Press Times magazine.
The New York Press is carrying a breathless 3,000-word piece today alleging that Deborah Solomon, the awesomely tactless New York Times Magazine Q&A queen, redistributed and flat-out invented questions she hadn't actually asked in final versions of interviews that she conducted with "This American Life" host Ira Glass and advice columnist Amy Dickinson. The subjects cried foul to Press reporter Matt Elzweig, who was until about a year and a half ago a security guard at the Met. The Times was not particularly responsive to his inquiries. Elzweig's piece reads as though he's just discovered White House plumbers in Times executive editor Bill Keller's basement. Instead, the Press has, for the most part, stumbled upon a fairly common editing practice.
At least since Meet the Press caliph Tim Russert's fatwa against her for the total misrepresentation of his feelings about his moms, we've all known that Times Mag interviewtrix Deb Solomon's job basically involves rearranging words that were once said by some person at some time into patterns that make all involved — but mostly the reader — deeply uncomfortable. So given her obvious affinity for, you know, the "sampling culture," why is this week's Russell Simmons chat so damn boring? We offer this "Ignition (Remix)"-style transcendent version of Solomon's dull album-track slow jam:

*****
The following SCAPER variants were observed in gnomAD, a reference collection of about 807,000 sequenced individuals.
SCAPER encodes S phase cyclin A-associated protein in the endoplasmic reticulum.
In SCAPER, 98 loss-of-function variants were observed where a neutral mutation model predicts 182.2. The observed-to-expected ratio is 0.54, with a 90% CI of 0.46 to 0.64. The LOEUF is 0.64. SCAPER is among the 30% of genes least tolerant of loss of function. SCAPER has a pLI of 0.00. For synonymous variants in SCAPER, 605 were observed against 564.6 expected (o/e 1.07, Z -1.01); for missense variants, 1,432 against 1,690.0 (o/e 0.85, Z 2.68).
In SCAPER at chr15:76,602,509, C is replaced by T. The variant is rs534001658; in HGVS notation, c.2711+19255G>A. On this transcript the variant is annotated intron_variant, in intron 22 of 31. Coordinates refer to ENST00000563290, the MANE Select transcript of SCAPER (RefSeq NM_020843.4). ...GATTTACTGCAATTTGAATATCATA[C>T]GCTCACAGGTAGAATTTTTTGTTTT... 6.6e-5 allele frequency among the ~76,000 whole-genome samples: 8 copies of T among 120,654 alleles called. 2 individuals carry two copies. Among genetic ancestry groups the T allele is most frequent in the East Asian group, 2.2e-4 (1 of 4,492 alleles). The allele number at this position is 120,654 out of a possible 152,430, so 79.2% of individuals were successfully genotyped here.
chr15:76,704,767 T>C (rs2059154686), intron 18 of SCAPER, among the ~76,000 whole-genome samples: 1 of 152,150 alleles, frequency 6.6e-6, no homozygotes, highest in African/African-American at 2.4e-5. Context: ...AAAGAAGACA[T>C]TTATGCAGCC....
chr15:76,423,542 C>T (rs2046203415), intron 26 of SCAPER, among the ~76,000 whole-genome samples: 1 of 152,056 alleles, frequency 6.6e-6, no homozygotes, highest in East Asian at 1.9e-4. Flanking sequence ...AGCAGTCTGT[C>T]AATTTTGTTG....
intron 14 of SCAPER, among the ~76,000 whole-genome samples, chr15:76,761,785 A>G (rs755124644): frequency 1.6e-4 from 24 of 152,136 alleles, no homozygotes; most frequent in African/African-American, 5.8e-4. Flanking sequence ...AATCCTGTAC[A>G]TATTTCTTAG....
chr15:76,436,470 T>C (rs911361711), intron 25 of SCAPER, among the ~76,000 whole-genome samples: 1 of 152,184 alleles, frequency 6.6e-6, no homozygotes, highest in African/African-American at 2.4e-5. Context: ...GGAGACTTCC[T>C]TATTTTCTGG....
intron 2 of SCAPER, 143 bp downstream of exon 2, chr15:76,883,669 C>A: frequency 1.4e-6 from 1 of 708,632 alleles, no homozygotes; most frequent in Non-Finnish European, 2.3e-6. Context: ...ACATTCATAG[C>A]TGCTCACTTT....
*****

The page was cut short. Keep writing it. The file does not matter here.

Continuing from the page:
And so the erotic sphere has been colonized once and for all. In perhaps the most profoundly unsexy thing ever to appear in the New York Times magazine — and we're talking here about a publication that employs William Safire and Deborah Solomon — Jon Mooallem today profiles Peter Acworth, a former Wall Street analyst now responsible for "arguably the country's most successful fetish porn company, Kink.com — a fast-growing suite of 10 S-and-M and bondage-themed Web sites." Big revelation? The 70-odd jobs there are pretty much as banal as yours:
It's going to be a warm and sunny weekend, which is a good thing considering that you're not going to be indoors reading the Sunday New York Times. If the Big Three sections (Arts, Books, Mag) are any indication, you'll quickly scan the sports scores and then head out to the park for some ultimate frisbee or whatever. So now we will helpfully describe to you, rapid-fire, what you'll be skipping over so you can sound all smart next week. You're welcome!
Deborah Solomon, the New York Times mag's front-of-book "Questions" columnist, has the reputation of a lioness. Her interviews, a staple of the Magazine since 2003, are often described as harsh, acerbic and passive-aggressive to aggressive-aggressive. "Most of the people in the world are pretty irritating, and I think it's important to call them on it," she recently told the New York Review of Magazines. "That's probably what sets me apart from other interviewers. I'm easily incensed." But something's changing. Is Deborah Solomon going soft?